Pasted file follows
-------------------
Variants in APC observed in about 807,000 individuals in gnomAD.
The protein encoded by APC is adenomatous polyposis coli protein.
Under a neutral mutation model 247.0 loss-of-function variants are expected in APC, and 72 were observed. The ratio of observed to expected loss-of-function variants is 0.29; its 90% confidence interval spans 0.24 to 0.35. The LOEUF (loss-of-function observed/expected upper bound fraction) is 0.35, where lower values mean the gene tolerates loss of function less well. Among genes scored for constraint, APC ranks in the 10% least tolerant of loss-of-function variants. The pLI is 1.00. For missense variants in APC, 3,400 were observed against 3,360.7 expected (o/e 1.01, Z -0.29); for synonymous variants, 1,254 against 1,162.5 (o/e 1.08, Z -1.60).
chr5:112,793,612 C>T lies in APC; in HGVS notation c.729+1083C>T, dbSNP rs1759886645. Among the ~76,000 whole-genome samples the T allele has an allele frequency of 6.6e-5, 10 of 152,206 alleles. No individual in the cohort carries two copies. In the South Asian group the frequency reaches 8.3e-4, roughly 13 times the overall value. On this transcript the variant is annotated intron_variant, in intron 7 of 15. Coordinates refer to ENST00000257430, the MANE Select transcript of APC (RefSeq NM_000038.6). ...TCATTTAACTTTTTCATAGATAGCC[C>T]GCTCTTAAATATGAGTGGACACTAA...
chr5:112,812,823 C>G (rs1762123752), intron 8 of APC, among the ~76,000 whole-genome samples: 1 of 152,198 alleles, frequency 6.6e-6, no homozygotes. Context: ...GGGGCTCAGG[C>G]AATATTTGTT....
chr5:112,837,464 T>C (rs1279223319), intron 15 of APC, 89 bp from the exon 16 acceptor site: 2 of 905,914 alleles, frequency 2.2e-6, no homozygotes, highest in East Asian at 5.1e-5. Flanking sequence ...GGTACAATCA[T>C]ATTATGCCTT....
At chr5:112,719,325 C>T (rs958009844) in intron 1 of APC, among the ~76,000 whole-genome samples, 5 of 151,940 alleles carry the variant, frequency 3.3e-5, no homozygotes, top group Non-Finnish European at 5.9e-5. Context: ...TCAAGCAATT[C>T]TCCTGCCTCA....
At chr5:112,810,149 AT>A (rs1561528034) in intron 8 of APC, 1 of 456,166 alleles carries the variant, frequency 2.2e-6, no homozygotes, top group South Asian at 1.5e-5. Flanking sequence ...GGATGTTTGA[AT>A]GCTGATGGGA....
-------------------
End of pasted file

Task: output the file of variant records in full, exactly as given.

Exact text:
Variants in APC observed in about 807,000 individuals in gnomAD.
The protein encoded by APC is adenomatous polyposis coli protein.
Under a neutral mutation model 247.0 loss-of-function variants are expected in APC, and 72 were observed. The ratio of observed to expected loss-of-function variants is 0.29; its 90% confidence interval spans 0.24 to 0.35. The LOEUF (loss-of-function observed/expected upper bound fraction) is 0.35, where lower values mean the gene tolerates loss of function less well. Among genes scored for constraint, APC ranks in the 10% least tolerant of loss-of-function variants. The pLI is 1.00. For missense variants in APC, 3,400 were observed against 3,360.7 expected (o/e 1.01, Z -0.29); for synonymous variants, 1,254 against 1,162.5 (o/e 1.08, Z -1.60).
chr5:112,793,612 C>T lies in APC; in HGVS notation c.729+1083C>T, dbSNP rs1759886645. Among the ~76,000 whole-genome samples the T allele has an allele frequency of 6.6e-5, 10 of 152,206 alleles. No individual in the cohort carries two copies. In the South Asian group the frequency reaches 8.3e-4, roughly 13 times the overall value. On this transcript the variant is annotated intron_variant, in intron 7 of 15. Coordinates refer to ENST00000257430, the MANE Select transcript of APC (RefSeq NM_000038.6). ...TCATTTAACTTTTTCATAGATAGCC[C>T]GCTCTTAAATATGAGTGGACACTAA...
chr5:112,812,823 C>G (rs1762123752), intron 8 of APC, among the ~76,000 whole-genome samples: 1 of 152,198 alleles, frequency 6.6e-6, no homozygotes. Context: ...GGGGCTCAGG[C>G]AATATTTGTT....
chr5:112,837,464 T>C (rs1279223319), intron 15 of APC, 89 bp from the exon 16 acceptor site: 2 of 905,914 alleles, frequency 2.2e-6, no homozygotes, highest in East Asian at 5.1e-5. Flanking sequence ...GGTACAATCA[T>C]ATTATGCCTT....
At chr5:112,719,325 C>T (rs958009844) in intron 1 of APC, among the ~76,000 whole-genome samples, 5 of 151,940 alleles carry the variant, frequency 3.3e-5, no homozygotes, top group Non-Finnish European at 5.9e-5. Context: ...TCAAGCAATT[C>T]TCCTGCCTCA....
At chr5:112,810,149 AT>A (rs1561528034) in intron 8 of APC, 1 of 456,166 alleles carries the variant, frequency 2.2e-6, no homozygotes, top group South Asian at 1.5e-5. Flanking sequence ...GGATGTTTGA[AT>A]GCTGATGGGA....